Fitch Ratings on Monday downgraded Chicago's credit rating closer to "junk," citing last week's state Supreme Court ruling that voided a law aimed at boosting funding for two of the city's pension funds.
Fitch called Thursday's ruling "among the worst of the possible outcomes for the city's credit quality," while warning the rating could be downgraded further in the absence of "a realistic plan that puts the pension funds on an affordable path toward solvency."
"Not only did (the Illinois Supreme Court) strike down the pension reform legislation in its entirety, but it made clear that the city bears responsibility to fund the promised pension benefits, even if the pension funds become insolvent," Fitch said in a statement.
The two-notch rating downgrade to BBB-minus, which is one step above "junk," affects $9.8 billion of the city's general obligation bonds and $486 million of sales tax revenue bonds. Chicago's credit rating with Moody's Investor Service is already in the "junk" level.
Standard & Poor's lowered its rating to BBB-plus from A-minus in July.
Chicago, the country's third-biggest city, has been mired in a financial crisis largely fueled by a $20 billion unfunded liability in its four retirement systems.
The Illinois high court rejected Chicago's assertion that the 2014 state law affecting the city's municipal and laborers' retirement systems actually benefited workers and retirees by taking steps to avoid insolvency for the funds.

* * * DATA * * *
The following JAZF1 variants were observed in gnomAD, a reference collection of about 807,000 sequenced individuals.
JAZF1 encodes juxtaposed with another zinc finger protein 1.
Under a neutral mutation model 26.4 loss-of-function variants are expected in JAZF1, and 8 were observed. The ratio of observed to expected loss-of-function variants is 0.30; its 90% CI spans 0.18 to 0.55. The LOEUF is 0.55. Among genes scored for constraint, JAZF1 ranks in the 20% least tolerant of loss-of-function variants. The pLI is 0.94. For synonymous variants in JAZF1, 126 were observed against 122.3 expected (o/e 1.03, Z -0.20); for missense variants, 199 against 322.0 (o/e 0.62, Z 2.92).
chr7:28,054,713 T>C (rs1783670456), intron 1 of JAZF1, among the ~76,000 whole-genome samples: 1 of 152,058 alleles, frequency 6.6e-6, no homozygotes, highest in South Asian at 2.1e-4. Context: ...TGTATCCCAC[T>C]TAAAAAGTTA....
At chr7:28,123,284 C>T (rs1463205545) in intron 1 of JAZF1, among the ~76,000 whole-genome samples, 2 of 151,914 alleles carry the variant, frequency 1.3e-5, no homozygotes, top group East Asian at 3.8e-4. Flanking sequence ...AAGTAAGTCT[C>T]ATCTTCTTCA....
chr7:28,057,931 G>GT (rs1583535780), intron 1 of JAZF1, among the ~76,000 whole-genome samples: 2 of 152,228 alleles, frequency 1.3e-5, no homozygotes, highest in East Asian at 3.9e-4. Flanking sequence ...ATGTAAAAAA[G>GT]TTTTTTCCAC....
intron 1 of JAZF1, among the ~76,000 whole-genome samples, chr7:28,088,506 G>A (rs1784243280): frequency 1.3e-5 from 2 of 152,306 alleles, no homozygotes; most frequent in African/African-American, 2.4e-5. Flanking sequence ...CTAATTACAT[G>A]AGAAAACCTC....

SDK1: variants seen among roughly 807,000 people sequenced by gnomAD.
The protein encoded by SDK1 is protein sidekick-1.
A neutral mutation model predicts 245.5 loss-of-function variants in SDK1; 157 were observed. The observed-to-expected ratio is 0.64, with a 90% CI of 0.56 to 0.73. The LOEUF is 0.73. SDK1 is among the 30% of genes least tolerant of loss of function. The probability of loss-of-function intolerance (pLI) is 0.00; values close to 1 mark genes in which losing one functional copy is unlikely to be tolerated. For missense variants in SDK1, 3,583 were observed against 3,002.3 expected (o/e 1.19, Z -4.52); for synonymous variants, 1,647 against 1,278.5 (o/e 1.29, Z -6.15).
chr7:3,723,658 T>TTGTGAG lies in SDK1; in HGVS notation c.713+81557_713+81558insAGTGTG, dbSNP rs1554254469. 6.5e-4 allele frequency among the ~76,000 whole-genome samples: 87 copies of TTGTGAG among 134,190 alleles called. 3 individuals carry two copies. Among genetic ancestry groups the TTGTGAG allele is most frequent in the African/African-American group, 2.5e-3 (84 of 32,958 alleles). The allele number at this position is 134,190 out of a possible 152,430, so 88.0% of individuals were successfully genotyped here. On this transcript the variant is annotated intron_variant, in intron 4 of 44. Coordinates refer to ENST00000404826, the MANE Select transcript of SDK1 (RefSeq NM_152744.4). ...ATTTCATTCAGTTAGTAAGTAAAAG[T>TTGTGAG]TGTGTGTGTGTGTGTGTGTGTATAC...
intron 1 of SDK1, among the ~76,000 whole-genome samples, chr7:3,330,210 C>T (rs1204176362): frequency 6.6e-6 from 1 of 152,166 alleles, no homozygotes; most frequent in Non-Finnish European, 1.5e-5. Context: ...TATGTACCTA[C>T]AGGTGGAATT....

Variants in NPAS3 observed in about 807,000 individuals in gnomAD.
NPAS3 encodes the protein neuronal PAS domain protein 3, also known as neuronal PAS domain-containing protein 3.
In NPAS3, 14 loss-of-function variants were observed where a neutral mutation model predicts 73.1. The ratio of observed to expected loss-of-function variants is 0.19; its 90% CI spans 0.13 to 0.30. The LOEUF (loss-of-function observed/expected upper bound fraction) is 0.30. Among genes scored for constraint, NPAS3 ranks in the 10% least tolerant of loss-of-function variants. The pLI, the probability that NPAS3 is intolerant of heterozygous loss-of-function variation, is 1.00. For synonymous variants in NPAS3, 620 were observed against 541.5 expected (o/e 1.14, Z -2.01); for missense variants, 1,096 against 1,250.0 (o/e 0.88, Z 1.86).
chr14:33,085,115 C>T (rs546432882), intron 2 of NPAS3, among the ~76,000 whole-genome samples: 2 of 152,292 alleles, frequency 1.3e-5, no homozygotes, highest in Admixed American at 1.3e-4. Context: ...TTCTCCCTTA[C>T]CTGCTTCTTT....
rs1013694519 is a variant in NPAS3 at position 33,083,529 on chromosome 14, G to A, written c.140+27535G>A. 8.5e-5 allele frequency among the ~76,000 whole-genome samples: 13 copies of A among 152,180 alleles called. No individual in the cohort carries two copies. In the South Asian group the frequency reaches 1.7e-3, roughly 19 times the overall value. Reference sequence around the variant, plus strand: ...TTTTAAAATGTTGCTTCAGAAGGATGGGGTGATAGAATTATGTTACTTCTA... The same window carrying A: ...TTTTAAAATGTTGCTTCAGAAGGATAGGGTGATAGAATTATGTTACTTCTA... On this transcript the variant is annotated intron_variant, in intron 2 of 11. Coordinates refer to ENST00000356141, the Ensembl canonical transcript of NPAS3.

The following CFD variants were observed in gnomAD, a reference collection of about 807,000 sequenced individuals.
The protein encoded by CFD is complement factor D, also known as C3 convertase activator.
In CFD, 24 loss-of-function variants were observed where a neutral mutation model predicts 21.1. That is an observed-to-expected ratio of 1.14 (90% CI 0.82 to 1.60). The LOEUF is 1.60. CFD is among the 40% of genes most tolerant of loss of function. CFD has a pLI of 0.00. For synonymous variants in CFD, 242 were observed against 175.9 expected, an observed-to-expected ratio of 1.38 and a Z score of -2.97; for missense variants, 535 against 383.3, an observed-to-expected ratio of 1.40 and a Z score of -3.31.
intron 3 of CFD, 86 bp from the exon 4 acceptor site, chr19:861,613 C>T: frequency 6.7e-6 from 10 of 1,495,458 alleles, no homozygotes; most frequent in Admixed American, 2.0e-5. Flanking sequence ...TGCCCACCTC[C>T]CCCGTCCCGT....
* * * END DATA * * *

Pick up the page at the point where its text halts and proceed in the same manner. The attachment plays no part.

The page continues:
The law, which was challenged by unions and retirees, required the city and affected workers to increase their pension contributions and replaced automatic 3 percent annual cost-of-living increase for retirees with an adjustment tied to inflation. The adjustment would be skipped in some years.
Without reforms, Chicago warned that the two funds would run out of money within 10 to 13 years.
The ruling made it clear that Chicago bears the ultimate responsibility to pay pensions in full.
Fitch said any plan to address pensions "must rely on meaningful use of revenue and expenditure controls to meet much higher annual payments."
Chicago Chief Financial Officer Carole Brown said in a statement that Mayor Rahm Emanuel has taken steps to address the city's financial challenges, including the implementation of debt reforms.
The city, which is already paying a premium to borrow in the U.S. municipal bond market, could sell as much as $1.25 billion of GO bonds this year.
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